Starfire   by Dale Brown


In the author’s bio, included at the start of this book, it states, ‘Dale, his wife… and son… live near Lake Tahoe, Nevada, where he enjoys flying his own private jet, a Grumman Gulfstream II.’

So to begin, the author felt it necessary that we know that not only does he have a private jet that he flies, but it is important that we know the type of private jet also. This is to remind readers that their bicycles and cars are laughable when compared to the mode of transport available to this apparently successful author.

Why? Because he is an arrogant asshole and it would seem that everyone else is to be regarded as a plebe in the world of Dale Brown.

Clive Cussler says that ‘Dale Brown is the best military adventure writer in the country.’ I wonder if Cussler has ever read any of Brown’s books. As it happens, I have read one of Cussler’s books, just one… once… Let me tell you, a recommendation from Clive Cussler is not, in my opinion, much of a recommendation at all.

As for the content of Starfire, I can’t tell you anything beyond the first chapter. That’s where I stopped as I felt ill. However, to get to the end of the first chapter I had to wade through 4 pages which listed the ‘Cast Of Characters’. This was reminiscent of something that a 9 year old schoolboy who is an avid fan of comic book heroes would do on his first foray into the world of writing. This was followed by 3 pages of ‘Weapons And Acronyms’. Then came 4 pages of ‘Real-World News Excerpts’ and 14 pages of the prologue. None of it was enjoyable.


The first chapter was 30 pages long. That’s 30 pages of over-elaboration on technology and weapons systems. 30 pages of trying to convince us of how bad the Russians are (it is set in the present day and was first published in 2014). 30 pages of erratic bullshit. I couldn’t go further and wouldn’t advise anyone else to, either.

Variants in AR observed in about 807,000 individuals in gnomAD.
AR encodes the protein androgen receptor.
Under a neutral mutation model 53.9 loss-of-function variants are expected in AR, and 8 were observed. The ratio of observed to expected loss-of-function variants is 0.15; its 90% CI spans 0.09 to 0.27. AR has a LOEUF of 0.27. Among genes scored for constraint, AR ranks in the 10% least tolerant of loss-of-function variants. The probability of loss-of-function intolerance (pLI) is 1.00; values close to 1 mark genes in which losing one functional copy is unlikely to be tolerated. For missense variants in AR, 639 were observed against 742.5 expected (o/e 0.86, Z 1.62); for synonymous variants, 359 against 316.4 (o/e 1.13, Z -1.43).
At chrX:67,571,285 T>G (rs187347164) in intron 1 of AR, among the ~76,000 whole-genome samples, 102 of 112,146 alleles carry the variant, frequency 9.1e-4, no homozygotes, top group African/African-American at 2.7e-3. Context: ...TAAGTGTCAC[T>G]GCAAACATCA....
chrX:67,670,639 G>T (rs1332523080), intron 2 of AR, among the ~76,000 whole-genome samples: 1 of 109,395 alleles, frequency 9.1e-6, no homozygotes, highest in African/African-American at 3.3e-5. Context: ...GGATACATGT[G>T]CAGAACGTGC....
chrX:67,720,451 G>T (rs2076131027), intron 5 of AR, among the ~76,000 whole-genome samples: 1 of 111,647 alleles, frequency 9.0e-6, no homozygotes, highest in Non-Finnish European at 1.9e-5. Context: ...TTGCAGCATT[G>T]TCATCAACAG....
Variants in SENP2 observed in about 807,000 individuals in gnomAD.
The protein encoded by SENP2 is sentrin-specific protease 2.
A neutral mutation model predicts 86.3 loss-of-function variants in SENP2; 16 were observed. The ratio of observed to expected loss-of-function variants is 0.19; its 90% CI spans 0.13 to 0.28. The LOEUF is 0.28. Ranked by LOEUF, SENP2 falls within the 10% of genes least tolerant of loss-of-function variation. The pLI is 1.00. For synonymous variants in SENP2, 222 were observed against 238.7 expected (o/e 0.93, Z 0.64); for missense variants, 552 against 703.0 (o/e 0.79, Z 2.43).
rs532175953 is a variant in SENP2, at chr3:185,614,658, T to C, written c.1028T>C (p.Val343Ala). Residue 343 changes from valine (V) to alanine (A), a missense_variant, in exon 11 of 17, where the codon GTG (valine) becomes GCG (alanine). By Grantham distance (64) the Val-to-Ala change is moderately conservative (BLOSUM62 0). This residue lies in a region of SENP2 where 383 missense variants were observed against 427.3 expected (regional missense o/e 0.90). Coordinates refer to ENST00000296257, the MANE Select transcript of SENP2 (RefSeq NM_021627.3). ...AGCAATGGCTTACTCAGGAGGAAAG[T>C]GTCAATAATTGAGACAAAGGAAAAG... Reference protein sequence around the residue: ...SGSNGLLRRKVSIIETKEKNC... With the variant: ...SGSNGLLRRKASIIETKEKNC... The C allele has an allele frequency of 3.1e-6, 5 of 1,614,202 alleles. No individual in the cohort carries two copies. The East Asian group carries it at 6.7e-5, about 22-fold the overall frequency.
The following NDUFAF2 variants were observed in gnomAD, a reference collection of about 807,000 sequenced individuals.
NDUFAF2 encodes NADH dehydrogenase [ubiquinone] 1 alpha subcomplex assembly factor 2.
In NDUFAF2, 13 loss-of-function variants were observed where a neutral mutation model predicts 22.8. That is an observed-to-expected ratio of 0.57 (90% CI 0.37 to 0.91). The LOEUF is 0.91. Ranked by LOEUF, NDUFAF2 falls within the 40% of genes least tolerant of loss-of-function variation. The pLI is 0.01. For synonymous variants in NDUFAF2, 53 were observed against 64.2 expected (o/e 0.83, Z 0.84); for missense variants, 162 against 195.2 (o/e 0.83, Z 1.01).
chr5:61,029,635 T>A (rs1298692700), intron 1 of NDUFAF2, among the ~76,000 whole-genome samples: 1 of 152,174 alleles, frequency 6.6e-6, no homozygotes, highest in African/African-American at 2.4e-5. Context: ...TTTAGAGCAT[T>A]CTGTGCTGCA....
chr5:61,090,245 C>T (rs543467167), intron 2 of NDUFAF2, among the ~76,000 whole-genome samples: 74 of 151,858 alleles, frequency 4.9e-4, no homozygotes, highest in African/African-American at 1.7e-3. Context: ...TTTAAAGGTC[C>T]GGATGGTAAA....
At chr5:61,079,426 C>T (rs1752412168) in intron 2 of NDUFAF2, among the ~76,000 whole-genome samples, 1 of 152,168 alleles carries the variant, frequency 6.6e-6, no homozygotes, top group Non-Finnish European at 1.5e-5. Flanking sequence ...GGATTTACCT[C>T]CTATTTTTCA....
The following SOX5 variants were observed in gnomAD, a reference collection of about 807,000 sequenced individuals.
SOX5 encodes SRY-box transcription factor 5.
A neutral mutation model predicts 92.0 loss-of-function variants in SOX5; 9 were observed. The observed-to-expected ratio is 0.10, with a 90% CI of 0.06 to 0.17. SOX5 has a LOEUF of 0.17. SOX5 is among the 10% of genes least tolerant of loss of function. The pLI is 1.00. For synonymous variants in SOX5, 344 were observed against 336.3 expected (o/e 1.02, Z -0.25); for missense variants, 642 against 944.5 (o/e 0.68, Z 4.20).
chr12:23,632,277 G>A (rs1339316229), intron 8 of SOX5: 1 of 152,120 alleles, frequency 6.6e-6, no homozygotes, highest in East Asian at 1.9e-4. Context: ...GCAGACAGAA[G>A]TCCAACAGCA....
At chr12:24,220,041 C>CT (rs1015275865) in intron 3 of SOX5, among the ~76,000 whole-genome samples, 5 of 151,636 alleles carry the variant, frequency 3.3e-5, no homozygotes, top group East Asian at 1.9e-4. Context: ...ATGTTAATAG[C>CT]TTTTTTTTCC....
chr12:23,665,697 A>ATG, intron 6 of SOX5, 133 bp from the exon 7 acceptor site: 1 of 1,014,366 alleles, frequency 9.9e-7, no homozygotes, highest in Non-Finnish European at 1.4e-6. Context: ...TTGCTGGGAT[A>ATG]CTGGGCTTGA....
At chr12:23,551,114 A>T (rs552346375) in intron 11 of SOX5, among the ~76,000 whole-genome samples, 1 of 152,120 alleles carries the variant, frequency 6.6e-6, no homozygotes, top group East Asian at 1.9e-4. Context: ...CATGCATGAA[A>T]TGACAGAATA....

From the piece that I suffered through, I would guess that Dale Brown lived through the 1950’s and spent the last 60 years in suspended animation before being defrosted and set out again. His passage structure is terrible. His character representation is awful. I honestly do not know how this book got published. Nor do I understand how he has apparently published 23 novels in total, fourteen of which ‘have been New York Times bestsellers’. George Soros has a lot to answer for.

This book is so bad that my dog started to bark at it when I brought it home. He sunk his teeth into it and was then seriously ill for 5 days. It cost me a small fortune in vert’s bills but, although it was touch and go, he’s made a full recovery. That’s how bad this book is.

This book is so bad that when I placed it on the table beside the wall, the paint began to peel off and it left a dark scorch mark on the wood. That’s how bad this book is.

This book is so bad that it has a shelf-life of 10,000 years. It needs to be placed in a barrel of reinforced concrete and stored in a subterranean cavern for ever. That’s how bad this book is.

This book is so bad that as I took it from the library, crocodiles swam quickly into the water and flocks of birds took off from all the nearby trees. Hippos ran away. That’s how bad this book is.


This book is so bad that even the tumbleweed were afraid to come out. That’s how bad this book is.

This book is so bad that when I brought it back to the library, all of the librarians began to cry uncontrollably. That’s how bad this book is.

This book is so bad that North Korea and Iran have already purchased whatever copies are left after Israel raided the warehouses that stored the highly unstable tomes and stole the lot. That’s how bad this book is.

This book is so bad that I have been unable to get an erection since handling it. That’s how bad this book is.

I hope that I have managed to get across just how bad this book is.

Sult scale rating: for the first time I do not have a rating for a book, that’s how bad this book is.


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